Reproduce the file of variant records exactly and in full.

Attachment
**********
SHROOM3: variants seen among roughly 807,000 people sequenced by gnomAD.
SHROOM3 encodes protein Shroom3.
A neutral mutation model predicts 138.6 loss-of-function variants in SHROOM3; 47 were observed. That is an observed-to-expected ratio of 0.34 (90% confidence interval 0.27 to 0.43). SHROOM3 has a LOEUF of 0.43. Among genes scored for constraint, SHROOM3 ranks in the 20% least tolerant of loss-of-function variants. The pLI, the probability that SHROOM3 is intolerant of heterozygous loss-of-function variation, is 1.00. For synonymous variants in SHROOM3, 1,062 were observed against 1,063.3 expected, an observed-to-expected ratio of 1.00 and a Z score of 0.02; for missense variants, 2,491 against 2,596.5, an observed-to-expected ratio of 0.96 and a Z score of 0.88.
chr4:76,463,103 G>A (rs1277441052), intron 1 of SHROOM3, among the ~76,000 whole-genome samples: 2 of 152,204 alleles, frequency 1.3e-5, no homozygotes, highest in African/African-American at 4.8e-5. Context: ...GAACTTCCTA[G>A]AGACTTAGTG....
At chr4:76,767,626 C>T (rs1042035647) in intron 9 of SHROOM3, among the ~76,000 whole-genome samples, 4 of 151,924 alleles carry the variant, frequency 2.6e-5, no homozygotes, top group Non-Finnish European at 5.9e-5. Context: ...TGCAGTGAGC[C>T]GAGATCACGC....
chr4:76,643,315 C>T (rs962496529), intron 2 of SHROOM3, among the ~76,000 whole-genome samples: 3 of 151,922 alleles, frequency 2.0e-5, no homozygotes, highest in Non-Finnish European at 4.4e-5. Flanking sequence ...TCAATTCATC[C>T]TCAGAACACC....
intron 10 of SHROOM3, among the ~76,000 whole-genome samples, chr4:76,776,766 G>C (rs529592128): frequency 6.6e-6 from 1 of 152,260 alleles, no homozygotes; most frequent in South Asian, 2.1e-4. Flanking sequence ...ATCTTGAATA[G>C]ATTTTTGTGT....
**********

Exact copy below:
SHROOM3: variants seen among roughly 807,000 people sequenced by gnomAD.
SHROOM3 encodes protein Shroom3.
A neutral mutation model predicts 138.6 loss-of-function variants in SHROOM3; 47 were observed. That is an observed-to-expected ratio of 0.34 (90% confidence interval 0.27 to 0.43). SHROOM3 has a LOEUF of 0.43. Among genes scored for constraint, SHROOM3 ranks in the 20% least tolerant of loss-of-function variants. The pLI, the probability that SHROOM3 is intolerant of heterozygous loss-of-function variation, is 1.00. For synonymous variants in SHROOM3, 1,062 were observed against 1,063.3 expected, an observed-to-expected ratio of 1.00 and a Z score of 0.02; for missense variants, 2,491 against 2,596.5, an observed-to-expected ratio of 0.96 and a Z score of 0.88.
chr4:76,463,103 G>A (rs1277441052), intron 1 of SHROOM3, among the ~76,000 whole-genome samples: 2 of 152,204 alleles, frequency 1.3e-5, no homozygotes, highest in African/African-American at 4.8e-5. Context: ...GAACTTCCTA[G>A]AGACTTAGTG....
At chr4:76,767,626 C>T (rs1042035647) in intron 9 of SHROOM3, among the ~76,000 whole-genome samples, 4 of 151,924 alleles carry the variant, frequency 2.6e-5, no homozygotes, top group Non-Finnish European at 5.9e-5. Context: ...TGCAGTGAGC[C>T]GAGATCACGC....
chr4:76,643,315 C>T (rs962496529), intron 2 of SHROOM3, among the ~76,000 whole-genome samples: 3 of 151,922 alleles, frequency 2.0e-5, no homozygotes, highest in Non-Finnish European at 4.4e-5. Flanking sequence ...TCAATTCATC[C>T]TCAGAACACC....
intron 10 of SHROOM3, among the ~76,000 whole-genome samples, chr4:76,776,766 G>C (rs529592128): frequency 6.6e-6 from 1 of 152,260 alleles, no homozygotes; most frequent in South Asian, 2.1e-4. Flanking sequence ...ATCTTGAATA[G>C]ATTTTTGTGT....